LANDOVER, Md. — Jalen Hurts didn’t even flinch.
As the Eagles’ 23-year-old quarterback walked off the field and into the tunnel at FedExField on Sunday afternoon, the stands partially collapsed, sending several fans hurling toward him in a situation that could have ended in disaster.
But Hurts, as cool and calm as ever, sidestepped the debris, helped a couple fans up, smiled and posed for a photo. Then he joined his teammates in the locker room after their 20-16 win that helped send them to the playoffs.
Talk about stoic.
That’s just who Jalen Hurts is. It’s who he is when bodies come flying at him in the game or after it. It’s who he is when the Eagles are up by 20 or down by 10, like they were early on Sunday in Washington.
“What I felt on the sideline today was this calmness,” head coach Nick Sirianni said. “There was a calmness throughout the entire game.”
That sense of calm trickles down for a football team. It comes from leadership and it is contagious. For the Eagles, it clearly starts with their veteran players who have been through it before like Fletcher Cox, Jason Kelce, Rodney McLeod.
But it also comes from Hurts.
Because as Sirianni was explaining this calm feeling from his team, it was impossible to not think he was talking directly about his second-year quarterback.
“I think that is definitely a reflection of how the quarterback is and how he was all day today and how he is in general,” Sirianni said.
Hurts was very good on Sunday. His numbers weren’t eye-popping. He completed 17 of 26 passes for 214 yards. But he also ran for 44 yards on an ankle that’s still healing and put forth a gutty performance in a game the Eagles needed to win.
The Eagles were down 10-0 after the first quarter.
They were down 16-7 at halftime.
They still trailed 16-14 entering the fourth.
But there was never any panic, especially not with Hurts. There just never is and that really stands out, especially because he’s still just 23 and in his second NFL season.
How does Hurts manage to stay so calm?
“Just go out there and be myself,” he said. “Not the box that everybody tries to place me in or place this team in. I go out there and be Jalen Hurts and I try to be the best version of myself every day. I embrace all the different things around me.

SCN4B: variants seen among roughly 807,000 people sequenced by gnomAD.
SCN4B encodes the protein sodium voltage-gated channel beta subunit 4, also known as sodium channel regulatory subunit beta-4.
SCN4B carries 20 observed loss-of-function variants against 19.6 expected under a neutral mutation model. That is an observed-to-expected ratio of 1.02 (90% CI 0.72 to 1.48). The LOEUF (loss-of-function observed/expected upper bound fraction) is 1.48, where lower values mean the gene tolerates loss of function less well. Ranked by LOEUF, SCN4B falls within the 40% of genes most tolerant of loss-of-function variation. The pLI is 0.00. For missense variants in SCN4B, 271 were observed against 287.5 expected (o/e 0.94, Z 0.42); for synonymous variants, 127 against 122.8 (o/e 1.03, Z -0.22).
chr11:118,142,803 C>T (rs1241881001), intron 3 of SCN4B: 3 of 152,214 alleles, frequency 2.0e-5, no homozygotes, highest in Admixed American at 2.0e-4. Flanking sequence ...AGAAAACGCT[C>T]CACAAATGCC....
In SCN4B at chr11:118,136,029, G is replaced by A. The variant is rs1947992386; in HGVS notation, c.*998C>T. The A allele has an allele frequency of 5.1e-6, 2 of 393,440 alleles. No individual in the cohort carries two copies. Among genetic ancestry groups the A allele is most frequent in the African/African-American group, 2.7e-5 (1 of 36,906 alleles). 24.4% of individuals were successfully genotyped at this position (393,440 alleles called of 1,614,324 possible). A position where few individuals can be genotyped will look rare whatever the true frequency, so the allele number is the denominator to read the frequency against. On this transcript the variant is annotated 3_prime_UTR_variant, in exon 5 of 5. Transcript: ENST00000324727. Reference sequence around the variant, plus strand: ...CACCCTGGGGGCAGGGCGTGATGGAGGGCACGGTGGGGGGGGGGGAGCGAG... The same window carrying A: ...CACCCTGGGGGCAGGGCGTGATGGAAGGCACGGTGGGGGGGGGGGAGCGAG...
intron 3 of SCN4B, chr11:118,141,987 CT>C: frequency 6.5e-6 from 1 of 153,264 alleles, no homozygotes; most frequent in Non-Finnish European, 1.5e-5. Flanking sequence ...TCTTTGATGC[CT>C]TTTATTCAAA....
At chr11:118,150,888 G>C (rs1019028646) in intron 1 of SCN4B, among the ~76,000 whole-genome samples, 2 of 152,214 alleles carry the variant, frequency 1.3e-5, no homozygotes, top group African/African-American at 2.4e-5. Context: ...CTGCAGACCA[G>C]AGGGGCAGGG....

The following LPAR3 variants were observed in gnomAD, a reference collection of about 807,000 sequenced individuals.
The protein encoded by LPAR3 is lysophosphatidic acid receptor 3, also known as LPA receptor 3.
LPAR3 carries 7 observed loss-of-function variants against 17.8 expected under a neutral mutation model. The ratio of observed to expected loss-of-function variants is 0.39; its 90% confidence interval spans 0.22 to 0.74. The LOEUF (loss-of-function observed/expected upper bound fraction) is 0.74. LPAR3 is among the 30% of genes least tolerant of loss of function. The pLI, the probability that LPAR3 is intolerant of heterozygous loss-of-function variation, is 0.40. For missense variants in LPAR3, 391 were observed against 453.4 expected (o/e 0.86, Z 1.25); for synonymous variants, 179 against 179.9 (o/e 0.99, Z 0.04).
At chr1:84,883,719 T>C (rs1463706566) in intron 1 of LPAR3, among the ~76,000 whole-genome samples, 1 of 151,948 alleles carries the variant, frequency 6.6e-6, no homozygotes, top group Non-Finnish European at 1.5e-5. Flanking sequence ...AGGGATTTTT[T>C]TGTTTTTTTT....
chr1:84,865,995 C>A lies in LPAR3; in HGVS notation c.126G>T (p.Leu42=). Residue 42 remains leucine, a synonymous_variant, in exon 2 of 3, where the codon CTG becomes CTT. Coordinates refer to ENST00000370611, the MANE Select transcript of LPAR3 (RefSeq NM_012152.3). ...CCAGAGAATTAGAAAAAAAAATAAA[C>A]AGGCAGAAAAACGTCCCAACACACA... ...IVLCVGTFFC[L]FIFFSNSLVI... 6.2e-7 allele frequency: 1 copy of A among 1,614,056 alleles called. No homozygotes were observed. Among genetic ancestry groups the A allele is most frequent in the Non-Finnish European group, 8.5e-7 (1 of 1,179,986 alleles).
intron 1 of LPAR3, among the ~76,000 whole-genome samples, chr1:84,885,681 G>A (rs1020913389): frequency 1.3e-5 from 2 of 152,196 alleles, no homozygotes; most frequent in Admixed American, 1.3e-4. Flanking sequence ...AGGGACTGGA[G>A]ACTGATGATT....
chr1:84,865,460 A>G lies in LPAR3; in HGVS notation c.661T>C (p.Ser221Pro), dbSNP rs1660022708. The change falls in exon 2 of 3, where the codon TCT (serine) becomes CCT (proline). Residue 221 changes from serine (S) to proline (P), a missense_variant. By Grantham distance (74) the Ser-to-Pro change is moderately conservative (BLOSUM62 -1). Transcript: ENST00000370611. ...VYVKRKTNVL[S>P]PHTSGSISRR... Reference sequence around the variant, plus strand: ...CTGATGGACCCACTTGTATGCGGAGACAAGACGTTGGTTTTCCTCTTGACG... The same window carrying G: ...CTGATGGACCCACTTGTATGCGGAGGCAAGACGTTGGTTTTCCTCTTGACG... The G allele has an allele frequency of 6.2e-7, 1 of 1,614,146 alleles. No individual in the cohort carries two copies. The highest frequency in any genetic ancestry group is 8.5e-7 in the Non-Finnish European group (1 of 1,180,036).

“I know I have a great set of teammates and a great set of coaches around me and they support me. I support them just as much and I know to come out and win games like this it is a total team effort. If we keep on learning, keep on growing, keep on doing the things we need to do, who knows how it could end.”
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With all the external questioning of Hurts this year, he has remained confident in his own ability and focused on improving. And he’s improved a lot.
There’s a ton of pressure on Hurts, not just to play the quarterback position at a high level this year, but to prove that he can be the franchise’s long-term solution at the position.
But Hurts is unflappable.
He doesn’t let any of that outside noise get to him. The rat poison, as he calls it, can buzz off.
“He’s tough. He’s tough minded,” Lane Johnson said. “I still have never seen him happy, really, as far as (being) enthusiastic. He takes the game very serious. Win or lose, always the same. And that’s what you need as far as the mentality of a quarterback in this league.”
Maybe Hurts will never become a great quarterback. But if he doesn’t, it won’t be for lack of effort or intangibles. He still needs to improve as a passer — we all know that — but there’s an awful lot to like about Hurts.
We saw that during that game on Sunday.
And then we saw it as he walked off the field, through the tunnel of a dilapidated old stadium.
“I’m just happy everybody is safe from it,” Hurts said. “It is crazy. It is crazy stuff right there. That was a really dangerous situation.”
And Hurts didn’t flinch.